ISBN: 0252094298

Category: Social Science

Page: 232

View: 9074

Throughout the Cold War, the Soviet Union deplored the treatment of African Americans by the U.S. government as proof of hypocrisy in the American promises of freedom and equality. This probing history examines government attempts to manipulate international perceptions of U.S. race relations during the Cold War by sending African American athletes abroad on goodwill tours and in international competitions as cultural ambassadors and visible symbols of American values. Damion L. Thomas follows the State Department's efforts from 1945 to 1968 to showcase prosperous African American athletes including Jackie Robinson, Jesse Owens, and the Harlem Globetrotters as the preeminent citizens of the African Diaspora rather than as victims of racial oppression. With athletes in baseball, track and field, and basketball, the government relied on figures whose fame carried the desired message to countries where English was little understood. However, eventually African American athletes began to provide counter-narratives to State Department claims of American exceptionalism, most notably with Tommie Smith and John Carlos's famous black power salute at the 1968 Mexico City Olympics.

The SAGE Dictionary of Sports Studies

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Author: Dominic Malcolm

Publisher: SAGE

ISBN: 184920540X

Category: Social Science

Page: 304

View: 6763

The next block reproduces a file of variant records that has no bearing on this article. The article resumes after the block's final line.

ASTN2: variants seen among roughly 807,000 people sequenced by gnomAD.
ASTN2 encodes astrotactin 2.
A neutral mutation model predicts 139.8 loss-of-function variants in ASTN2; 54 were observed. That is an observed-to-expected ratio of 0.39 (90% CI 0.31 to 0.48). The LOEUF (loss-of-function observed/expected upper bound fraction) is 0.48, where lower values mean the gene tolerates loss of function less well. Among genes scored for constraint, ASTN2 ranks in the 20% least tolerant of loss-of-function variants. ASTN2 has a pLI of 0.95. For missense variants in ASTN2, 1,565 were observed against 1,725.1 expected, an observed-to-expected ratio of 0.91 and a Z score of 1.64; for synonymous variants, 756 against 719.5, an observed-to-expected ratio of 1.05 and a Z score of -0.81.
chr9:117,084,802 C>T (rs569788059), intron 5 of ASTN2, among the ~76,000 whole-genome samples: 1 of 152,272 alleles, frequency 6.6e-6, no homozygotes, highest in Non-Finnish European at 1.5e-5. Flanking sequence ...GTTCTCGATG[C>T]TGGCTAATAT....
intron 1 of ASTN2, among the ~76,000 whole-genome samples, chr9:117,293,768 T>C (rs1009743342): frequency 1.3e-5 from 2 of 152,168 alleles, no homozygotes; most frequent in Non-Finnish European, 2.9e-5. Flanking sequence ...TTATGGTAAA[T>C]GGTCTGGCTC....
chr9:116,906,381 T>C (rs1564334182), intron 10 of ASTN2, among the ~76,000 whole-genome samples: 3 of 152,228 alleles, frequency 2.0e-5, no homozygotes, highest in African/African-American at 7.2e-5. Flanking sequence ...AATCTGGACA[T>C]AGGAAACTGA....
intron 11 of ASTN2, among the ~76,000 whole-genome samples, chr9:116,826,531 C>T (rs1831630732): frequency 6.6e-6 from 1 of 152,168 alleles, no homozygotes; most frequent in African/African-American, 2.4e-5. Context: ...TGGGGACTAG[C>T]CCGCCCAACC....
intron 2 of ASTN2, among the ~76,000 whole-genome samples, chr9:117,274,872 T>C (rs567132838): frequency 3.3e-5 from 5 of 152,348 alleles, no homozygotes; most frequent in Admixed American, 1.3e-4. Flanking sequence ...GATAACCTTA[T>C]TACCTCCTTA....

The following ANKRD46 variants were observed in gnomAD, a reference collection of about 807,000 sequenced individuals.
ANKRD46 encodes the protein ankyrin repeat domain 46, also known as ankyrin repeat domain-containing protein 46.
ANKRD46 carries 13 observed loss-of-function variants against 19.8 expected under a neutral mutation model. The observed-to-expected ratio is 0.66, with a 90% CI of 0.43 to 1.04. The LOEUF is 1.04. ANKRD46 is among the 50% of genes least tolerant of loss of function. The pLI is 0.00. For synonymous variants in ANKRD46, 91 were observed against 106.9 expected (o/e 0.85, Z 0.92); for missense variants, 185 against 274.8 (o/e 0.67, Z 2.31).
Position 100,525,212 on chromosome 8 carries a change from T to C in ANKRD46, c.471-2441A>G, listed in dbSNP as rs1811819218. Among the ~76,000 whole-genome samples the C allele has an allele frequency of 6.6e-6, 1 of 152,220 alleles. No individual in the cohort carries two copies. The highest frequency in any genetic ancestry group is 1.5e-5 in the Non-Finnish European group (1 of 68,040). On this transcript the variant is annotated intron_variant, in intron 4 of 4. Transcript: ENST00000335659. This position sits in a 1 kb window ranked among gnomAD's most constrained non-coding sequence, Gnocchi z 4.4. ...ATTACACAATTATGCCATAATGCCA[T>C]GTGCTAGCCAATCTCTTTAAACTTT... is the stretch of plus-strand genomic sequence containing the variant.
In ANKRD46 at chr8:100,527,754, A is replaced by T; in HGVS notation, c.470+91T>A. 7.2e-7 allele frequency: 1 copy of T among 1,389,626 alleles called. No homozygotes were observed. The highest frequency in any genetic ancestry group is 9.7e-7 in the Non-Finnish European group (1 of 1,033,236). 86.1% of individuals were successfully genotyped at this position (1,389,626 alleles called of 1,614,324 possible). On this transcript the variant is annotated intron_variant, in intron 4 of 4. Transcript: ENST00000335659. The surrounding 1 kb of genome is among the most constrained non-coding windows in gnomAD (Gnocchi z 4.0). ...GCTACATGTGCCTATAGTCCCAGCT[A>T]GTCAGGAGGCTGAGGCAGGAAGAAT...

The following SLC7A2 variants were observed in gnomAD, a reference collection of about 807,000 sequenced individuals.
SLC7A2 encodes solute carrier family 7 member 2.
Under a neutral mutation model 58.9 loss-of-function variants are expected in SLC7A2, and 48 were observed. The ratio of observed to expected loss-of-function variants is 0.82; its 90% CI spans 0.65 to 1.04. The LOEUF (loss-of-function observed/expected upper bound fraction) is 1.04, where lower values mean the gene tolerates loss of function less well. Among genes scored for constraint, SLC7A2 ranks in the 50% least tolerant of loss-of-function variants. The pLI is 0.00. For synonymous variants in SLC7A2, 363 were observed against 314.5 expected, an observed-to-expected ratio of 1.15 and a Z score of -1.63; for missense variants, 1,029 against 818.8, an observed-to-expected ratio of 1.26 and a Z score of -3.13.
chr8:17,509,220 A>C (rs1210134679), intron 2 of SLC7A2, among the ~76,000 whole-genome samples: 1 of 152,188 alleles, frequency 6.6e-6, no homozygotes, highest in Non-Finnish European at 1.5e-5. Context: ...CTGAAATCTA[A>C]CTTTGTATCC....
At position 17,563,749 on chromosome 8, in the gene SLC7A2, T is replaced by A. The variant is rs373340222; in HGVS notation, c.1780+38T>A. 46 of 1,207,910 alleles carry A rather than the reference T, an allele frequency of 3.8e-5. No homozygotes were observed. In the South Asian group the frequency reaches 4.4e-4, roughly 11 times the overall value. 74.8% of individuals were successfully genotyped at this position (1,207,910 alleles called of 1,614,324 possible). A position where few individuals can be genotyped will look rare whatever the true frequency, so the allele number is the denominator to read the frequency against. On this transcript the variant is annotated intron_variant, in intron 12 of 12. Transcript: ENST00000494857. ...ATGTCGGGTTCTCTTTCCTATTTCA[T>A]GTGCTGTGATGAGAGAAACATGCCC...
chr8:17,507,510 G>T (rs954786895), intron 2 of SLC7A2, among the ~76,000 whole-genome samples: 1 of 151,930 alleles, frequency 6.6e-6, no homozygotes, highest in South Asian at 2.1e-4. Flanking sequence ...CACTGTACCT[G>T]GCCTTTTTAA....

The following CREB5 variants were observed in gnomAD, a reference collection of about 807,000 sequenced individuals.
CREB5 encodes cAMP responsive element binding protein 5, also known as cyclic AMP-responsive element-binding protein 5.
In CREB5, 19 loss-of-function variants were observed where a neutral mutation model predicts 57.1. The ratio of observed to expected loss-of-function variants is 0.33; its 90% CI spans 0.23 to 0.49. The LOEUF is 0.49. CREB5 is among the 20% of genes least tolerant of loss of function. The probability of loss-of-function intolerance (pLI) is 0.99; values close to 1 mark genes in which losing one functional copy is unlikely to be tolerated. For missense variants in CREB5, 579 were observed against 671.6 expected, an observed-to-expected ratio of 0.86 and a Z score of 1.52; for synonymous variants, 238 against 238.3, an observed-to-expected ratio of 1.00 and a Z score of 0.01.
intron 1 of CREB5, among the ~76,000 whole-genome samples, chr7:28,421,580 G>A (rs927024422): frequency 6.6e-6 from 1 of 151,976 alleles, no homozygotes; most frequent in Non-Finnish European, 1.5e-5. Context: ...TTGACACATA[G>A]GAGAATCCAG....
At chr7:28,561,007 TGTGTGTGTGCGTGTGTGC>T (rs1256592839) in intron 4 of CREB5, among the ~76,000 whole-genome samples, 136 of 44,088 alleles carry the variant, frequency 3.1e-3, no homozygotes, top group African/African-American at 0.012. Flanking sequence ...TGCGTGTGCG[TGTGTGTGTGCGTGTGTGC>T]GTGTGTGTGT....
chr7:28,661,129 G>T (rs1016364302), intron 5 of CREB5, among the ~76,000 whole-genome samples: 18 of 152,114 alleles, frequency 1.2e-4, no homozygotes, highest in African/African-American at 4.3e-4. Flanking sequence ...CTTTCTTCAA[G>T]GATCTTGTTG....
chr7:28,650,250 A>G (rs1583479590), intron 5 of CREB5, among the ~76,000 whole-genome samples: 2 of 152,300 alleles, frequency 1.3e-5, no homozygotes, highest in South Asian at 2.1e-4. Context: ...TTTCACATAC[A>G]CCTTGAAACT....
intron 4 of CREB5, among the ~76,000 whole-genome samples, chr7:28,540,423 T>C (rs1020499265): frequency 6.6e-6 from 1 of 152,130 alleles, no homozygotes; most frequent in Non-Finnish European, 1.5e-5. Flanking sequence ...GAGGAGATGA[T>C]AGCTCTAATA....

'...a welcome addition to the literature in the rapidly expanding field of sports studies. It is up to date, comprehensive, and well and clearly written. Though primarily sociological in its orientation, it will help students -postgraduate and undergraduate alike and their teachers as well - to establish connections between the various sub-disciplines and guide them to sources which will enable them to probe issues more deeply... It is a beautifully crafted book and is sure to be a hit with students and their teachers. It would not surprise me in the least, however, if it appealed to sports lovers more generally... It is a tour de force and I recommend it unreservedly' - Eric Dunning, Professor in Sociology, The Centre for the Sociology of Sport, University of Leicester Sports studies is one of the fastest growing fields in higher education today. The SAGE Dictionary of Sports Studies brings a timely, much-needed and comprehensive tool for all students in this multi-disciplinary field. Each entry provides a basic definition, a guide to research themes and a clear account of the relevance of the concept in understanding sport. Not only indispensable for quick clarification of terms, it will give students a springboard for more in-depth research and critical analysis. It offers: " Cross referencing to assist critical thinking " A list of key readings for each entry " Expert definitions drawn from sociology, history, psychology, economics, management and business, politics and policy, physical education and health, and research methods. " Concise, student-friendly and authoritative entries. Covering sociology, history, psychology, politics, business, physical education, health and research methods, The SAGE Dictionary of Sports Studies provides the first one-stop reference guide for all students who study the social aspects of sport.